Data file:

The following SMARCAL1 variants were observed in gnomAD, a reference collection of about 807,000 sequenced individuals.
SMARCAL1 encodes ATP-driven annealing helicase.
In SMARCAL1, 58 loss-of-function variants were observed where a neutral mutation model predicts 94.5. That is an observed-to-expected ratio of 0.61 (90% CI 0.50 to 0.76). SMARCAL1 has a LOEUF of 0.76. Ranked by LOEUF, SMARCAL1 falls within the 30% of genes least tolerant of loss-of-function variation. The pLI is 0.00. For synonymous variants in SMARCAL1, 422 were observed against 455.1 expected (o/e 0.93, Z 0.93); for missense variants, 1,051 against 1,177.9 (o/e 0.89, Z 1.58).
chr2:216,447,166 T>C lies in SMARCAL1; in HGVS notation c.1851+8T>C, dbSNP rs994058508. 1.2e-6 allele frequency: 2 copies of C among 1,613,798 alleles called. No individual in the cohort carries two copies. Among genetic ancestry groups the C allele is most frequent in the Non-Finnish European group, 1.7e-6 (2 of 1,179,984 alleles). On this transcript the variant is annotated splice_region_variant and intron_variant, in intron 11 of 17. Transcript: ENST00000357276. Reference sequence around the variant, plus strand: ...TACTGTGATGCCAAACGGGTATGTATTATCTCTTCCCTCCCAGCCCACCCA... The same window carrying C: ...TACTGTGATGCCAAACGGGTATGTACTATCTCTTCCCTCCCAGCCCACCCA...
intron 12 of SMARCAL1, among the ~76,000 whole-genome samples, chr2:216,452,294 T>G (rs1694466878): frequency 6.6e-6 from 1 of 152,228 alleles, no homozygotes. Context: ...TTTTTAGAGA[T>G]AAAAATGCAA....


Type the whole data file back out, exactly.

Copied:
The following SMARCAL1 variants were observed in gnomAD, a reference collection of about 807,000 sequenced individuals.
SMARCAL1 encodes ATP-driven annealing helicase.
In SMARCAL1, 58 loss-of-function variants were observed where a neutral mutation model predicts 94.5. That is an observed-to-expected ratio of 0.61 (90% CI 0.50 to 0.76). SMARCAL1 has a LOEUF of 0.76. Ranked by LOEUF, SMARCAL1 falls within the 30% of genes least tolerant of loss-of-function variation. The pLI is 0.00. For synonymous variants in SMARCAL1, 422 were observed against 455.1 expected (o/e 0.93, Z 0.93); for missense variants, 1,051 against 1,177.9 (o/e 0.89, Z 1.58).
chr2:216,447,166 T>C lies in SMARCAL1; in HGVS notation c.1851+8T>C, dbSNP rs994058508. 1.2e-6 allele frequency: 2 copies of C among 1,613,798 alleles called. No individual in the cohort carries two copies. Among genetic ancestry groups the C allele is most frequent in the Non-Finnish European group, 1.7e-6 (2 of 1,179,984 alleles). On this transcript the variant is annotated splice_region_variant and intron_variant, in intron 11 of 17. Transcript: ENST00000357276. Reference sequence around the variant, plus strand: ...TACTGTGATGCCAAACGGGTATGTATTATCTCTTCCCTCCCAGCCCACCCA... The same window carrying C: ...TACTGTGATGCCAAACGGGTATGTACTATCTCTTCCCTCCCAGCCCACCCA...
intron 12 of SMARCAL1, among the ~76,000 whole-genome samples, chr2:216,452,294 T>G (rs1694466878): frequency 6.6e-6 from 1 of 152,228 alleles, no homozygotes. Context: ...TTTTTAGAGA[T>G]AAAAATGCAA....